Rafael Domenech, installation view of “Imperfect Fragments of an Uncertain Whole,” 2021. Photo: Courtesy the artist and the Hua International, Beijing

Rafael Domenech


Hua International

Cuban-American artist Rafael Domenech contends that exhibition-making is an expanded form of publishing, an active site of production. His current exhibition, “Imperfect Fragments of an Uncertain Whole” (on view through June 18, 2021), presents a multipart installation consisting of a table, handmade artist books, mobile light sculptures, and ceiling tiles, all made between 2018 and 2021, as well as a large outdoor sculpture in a nearby public square. What links these discrete objects is an invitation to pay attention to the exchange between ourselves and our built environment and to read the discarded materials of our surroundings like we would a text.

Dictum (horizon diagram) (2021), a table-like structure occupying the entire gallery space, forms the centerpiece of the show and serves as a platform for displaying artist books. Made of cut wood board, black vinyl, and IKEA table legs, it mimics readily available home goods. Though Domenech’s structure uses minimal, low-budget components manufactured through a computerized cutting process, the design—unlike its mass-produced counterparts—exhibits site-specific and complexly crafted production values. The shape of the table is informed by the dimensions of the gallery, the nature of the objects displayed, and the scale of the human body as it navigates cutouts and pathways leading to one or several book-objects.

The 20 handmade artist books are composed of urban materials from Domenech’s walks around his current residence in New York, his former studio in Miami, his old home in Havana, and other unknown concrete landscapes. The balanced accumulation of industrial chaff, fragmented documentary photographs, and graphic poetry asks us to examine what Domenech calls “the skin of the city”: to look up, handle, and pay attention to the cast-off stuff of our buildings, roads, signs, and furniture. As we navigate the space, moving from one reading nook to another, we participate in his exercise of looking—and look at each other looking. Domenech does not propose a linear statement in these works or a straightforward, didactic lesson. The objects and materials are treated with high regard (placed on a pedestal in a white cube setting), yet they remain radically welcoming of “contamination” (visitors can turn and even rip pages to reveal the dizzying photo essays inside).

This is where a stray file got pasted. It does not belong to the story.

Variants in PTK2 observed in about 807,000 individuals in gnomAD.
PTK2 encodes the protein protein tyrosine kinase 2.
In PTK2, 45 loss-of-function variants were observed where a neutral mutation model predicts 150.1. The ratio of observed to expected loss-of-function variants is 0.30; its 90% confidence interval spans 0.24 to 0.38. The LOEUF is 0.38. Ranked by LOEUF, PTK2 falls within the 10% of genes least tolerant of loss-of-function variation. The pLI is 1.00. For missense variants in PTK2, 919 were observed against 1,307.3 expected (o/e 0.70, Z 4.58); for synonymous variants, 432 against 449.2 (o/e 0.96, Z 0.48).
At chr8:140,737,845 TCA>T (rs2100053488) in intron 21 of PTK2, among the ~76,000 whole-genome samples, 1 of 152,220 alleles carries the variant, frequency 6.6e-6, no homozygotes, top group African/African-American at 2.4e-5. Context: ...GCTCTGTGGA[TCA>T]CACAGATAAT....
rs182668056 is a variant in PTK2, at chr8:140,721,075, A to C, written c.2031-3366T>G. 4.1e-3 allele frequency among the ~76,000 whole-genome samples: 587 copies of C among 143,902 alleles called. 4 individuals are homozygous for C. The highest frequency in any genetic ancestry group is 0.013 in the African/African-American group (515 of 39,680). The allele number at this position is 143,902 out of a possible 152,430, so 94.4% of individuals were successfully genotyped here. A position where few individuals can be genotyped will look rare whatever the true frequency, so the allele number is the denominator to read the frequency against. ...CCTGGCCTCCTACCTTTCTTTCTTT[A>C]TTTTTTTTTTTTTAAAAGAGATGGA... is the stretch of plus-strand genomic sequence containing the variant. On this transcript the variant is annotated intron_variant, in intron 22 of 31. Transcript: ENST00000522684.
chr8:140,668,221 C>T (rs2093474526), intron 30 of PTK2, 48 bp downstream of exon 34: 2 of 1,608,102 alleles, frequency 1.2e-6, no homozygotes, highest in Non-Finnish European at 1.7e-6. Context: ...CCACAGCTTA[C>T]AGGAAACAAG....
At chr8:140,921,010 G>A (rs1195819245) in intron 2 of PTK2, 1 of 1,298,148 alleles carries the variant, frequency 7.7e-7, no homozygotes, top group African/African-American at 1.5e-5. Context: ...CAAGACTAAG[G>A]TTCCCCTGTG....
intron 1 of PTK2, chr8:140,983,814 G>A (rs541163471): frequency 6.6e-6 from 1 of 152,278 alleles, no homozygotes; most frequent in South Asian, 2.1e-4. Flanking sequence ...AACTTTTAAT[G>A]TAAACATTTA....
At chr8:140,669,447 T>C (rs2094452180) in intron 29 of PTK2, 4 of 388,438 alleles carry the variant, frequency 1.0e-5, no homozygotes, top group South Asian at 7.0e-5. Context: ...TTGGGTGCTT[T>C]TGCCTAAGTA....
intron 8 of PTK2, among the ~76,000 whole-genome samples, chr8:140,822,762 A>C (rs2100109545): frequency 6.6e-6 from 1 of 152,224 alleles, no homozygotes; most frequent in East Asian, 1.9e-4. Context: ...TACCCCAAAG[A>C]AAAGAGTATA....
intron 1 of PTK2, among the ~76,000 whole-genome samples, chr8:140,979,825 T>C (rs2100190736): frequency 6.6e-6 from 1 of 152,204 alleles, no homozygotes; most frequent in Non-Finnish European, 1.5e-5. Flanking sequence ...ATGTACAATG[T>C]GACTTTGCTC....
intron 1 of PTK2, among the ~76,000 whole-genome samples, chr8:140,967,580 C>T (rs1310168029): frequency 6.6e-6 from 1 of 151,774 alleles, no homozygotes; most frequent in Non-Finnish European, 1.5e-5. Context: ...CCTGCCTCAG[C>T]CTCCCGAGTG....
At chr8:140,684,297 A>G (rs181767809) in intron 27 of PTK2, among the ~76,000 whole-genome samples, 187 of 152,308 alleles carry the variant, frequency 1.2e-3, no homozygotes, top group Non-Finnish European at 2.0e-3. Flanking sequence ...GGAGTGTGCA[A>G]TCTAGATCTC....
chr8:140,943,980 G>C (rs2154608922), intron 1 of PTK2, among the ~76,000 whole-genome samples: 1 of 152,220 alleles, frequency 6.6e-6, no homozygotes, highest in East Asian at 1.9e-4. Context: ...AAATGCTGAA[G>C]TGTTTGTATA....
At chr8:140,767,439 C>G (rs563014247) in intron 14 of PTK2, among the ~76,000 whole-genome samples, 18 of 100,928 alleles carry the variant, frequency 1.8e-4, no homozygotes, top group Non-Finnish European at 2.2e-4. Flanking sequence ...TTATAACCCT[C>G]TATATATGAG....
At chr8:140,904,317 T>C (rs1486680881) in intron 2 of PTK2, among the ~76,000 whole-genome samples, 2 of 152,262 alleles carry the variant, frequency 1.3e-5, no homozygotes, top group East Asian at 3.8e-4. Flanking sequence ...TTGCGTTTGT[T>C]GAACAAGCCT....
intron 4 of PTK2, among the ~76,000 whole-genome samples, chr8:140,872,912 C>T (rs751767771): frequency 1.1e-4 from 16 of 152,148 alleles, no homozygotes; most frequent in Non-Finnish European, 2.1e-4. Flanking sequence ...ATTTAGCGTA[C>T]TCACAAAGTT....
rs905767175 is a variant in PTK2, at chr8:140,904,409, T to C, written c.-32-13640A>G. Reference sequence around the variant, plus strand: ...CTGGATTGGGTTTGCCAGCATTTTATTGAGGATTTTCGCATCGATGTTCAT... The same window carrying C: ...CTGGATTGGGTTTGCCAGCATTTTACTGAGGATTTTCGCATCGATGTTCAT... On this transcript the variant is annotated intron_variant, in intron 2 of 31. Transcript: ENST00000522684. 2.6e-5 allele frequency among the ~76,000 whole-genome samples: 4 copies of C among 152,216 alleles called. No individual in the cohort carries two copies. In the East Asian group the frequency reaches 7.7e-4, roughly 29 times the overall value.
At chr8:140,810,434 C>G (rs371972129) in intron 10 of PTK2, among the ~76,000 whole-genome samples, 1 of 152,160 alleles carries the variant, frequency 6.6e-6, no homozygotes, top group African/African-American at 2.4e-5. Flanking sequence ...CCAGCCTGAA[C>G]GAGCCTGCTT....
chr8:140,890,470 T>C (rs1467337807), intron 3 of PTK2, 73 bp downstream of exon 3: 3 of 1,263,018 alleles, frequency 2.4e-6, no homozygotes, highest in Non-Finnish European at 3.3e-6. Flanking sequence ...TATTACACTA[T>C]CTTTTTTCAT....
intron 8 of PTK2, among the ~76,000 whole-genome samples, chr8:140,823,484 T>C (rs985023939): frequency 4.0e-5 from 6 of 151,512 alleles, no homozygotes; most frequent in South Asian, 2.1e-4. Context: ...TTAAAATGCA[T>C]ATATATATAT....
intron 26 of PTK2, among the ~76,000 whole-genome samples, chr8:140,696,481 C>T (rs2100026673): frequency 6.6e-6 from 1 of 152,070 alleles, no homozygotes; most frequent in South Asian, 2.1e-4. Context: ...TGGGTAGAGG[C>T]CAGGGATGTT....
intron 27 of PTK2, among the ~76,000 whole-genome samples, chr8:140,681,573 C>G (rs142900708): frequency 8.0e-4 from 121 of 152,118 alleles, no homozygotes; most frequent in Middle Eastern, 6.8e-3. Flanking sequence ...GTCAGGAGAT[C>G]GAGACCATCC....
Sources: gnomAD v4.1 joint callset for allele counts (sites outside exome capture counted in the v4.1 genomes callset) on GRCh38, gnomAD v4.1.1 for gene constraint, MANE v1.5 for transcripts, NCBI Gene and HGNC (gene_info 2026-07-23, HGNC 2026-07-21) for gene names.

Four mobile light sculptures, each titled Billboard, light publication (signage, poem, interplay) (2021), are installed below and through the table. Display devices, the lamps expose layers of text in their Plexiglas shades: “when information is brushed against information.” Dropping from the ceiling above, the lights pass through openings in the table and draw attention to the often-overlooked space below, with its view of cropped bodies and legs. In counterpoint, text incised in a drop ceiling hovering above the installation reads: “a purposeful misconstruction of a small situation with no future the right to the city.” Rather than masking architectural infrastructure, Domenech’s modular drop ceiling reveals interior mechanics and acts as a gridded plane for a visual poem in space.

Basic rotation, Beijing, Capital of the generic century (2021), Domenech’s public sculpture, is located a short walk from the gallery in the 798 Art Zone, surrounded by a complex of decommissioned factories built in a functional Bauhaus-influenced style with its characteristic saw-tooth roof. The moveable work is made from four panels of steel-framed construction mesh, provisional materials emblematic of a changing urban landscape. Red, orange, yellow, and blue semi-transparent mesh is laser cut with repeating elliptical shapes and texts that Domenech rendered with Josef Albers’s stencil typeface, a modular font combining the square, circle, and triangle. Open to the public to reconfigure and use, the structure rotates to create new pathways in which language, space, and people collide with the urban vernacular of the historic art district.